Rabinovich is one of 283 students to be awarded the scholarship this year from a pool of more than 1,100 applicants. An Angier B. Duke Memorial Scholar from Solon, Ohio, he is double majoring in physics and mathematics and minoring in music.
"The things that I've accomplished have already been done, so it's just an extra, nice thing that someone else recognizes it," Rabinovich said.
Rabinovich was a 2013 PRUV Fellow through Duke's department of mathematics. In high school, he was a member of the U.S. Physics Team and took second place in the World Piano Competition, performing twice at Carnegie Hall.
The scholarship provides up to $7,500 for undergraduate tuition, books, fees and room and board for students pursuing the natural sciences, engineering and math.
Because the A.B. Duke scholarship covers tuition and room and board, Rabinovich will probably not receive the full amount of money that can accompany the scholarship, he said. But he does not feel that this lessens the extent of the honor, he added.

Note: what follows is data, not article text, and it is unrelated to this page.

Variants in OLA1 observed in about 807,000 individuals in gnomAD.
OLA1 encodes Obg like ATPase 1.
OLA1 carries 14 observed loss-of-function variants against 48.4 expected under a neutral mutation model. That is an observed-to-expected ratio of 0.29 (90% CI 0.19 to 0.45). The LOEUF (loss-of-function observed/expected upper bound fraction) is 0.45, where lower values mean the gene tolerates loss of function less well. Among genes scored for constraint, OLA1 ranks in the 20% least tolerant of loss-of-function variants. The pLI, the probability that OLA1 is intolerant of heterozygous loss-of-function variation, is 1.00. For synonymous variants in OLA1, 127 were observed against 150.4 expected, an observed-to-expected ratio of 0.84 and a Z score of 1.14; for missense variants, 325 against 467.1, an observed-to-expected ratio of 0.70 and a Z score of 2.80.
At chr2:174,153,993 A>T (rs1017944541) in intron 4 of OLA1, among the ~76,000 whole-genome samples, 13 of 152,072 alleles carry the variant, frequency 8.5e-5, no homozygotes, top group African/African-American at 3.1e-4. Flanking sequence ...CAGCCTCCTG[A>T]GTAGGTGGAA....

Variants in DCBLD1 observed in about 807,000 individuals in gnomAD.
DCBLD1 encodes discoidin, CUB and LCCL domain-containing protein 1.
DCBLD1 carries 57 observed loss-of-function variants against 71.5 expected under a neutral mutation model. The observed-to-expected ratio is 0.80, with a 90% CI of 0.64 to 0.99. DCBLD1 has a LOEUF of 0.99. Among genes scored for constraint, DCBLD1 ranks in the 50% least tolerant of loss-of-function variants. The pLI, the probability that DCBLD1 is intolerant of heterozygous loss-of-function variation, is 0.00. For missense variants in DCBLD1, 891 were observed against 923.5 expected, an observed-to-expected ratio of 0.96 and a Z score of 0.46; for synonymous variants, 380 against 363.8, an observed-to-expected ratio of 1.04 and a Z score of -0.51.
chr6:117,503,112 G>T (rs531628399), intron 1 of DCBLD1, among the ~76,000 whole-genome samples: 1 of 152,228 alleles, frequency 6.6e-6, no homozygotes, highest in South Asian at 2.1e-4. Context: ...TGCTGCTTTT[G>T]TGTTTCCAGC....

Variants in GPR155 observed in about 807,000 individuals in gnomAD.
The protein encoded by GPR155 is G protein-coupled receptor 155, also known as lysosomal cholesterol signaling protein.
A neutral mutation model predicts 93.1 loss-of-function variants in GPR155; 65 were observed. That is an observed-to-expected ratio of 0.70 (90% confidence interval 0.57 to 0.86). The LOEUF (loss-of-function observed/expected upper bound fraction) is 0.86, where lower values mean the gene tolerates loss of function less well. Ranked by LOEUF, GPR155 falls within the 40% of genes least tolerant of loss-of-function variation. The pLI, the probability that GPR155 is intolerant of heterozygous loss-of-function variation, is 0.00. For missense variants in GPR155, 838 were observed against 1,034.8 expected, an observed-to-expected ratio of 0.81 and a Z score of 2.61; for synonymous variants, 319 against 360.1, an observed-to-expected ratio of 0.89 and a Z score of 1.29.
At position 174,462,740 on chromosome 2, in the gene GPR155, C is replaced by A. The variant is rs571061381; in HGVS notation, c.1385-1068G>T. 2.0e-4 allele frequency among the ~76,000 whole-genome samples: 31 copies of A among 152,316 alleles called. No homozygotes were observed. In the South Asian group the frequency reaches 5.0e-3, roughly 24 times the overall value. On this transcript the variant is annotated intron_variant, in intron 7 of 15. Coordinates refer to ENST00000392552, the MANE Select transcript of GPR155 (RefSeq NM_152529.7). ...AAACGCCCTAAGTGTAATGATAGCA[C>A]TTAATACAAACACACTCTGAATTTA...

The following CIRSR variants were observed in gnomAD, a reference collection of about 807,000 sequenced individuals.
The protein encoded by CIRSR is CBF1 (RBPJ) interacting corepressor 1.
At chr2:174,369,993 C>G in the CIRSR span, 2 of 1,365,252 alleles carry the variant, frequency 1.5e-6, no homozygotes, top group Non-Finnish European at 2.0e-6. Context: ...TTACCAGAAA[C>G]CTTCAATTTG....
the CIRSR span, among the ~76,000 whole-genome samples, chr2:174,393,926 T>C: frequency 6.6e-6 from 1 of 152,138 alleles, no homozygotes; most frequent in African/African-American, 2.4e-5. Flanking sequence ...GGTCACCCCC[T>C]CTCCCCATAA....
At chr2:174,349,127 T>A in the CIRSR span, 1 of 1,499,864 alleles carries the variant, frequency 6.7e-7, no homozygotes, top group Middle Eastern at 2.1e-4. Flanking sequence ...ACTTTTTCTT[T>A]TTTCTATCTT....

"The name by itself still helps very much with my future," he said.
Rabinovich said he hopes to attend graduate school in either physics or math and to ultimately become a professor and researcher. He is currently researching string theory with associate professor of physics Ronan Plesser, focusing on understanding physical models of string theory through the use of similar, non-physical models.
"Eugene is uncommonly talented and driven," Plesser said in a Duke News press release. "He is among the two or three most promising students I have seen in 16 years here, and I feel confident he will make real contributions to our field."
This is the second consecutive year that a Duke physics major has received the scholarship, as senior Kushal Seetharam—also an A.B. Duke scholar—was named a Goldwater scholar last year.
There have been 63 Duke recipients of the scholarship since 1995.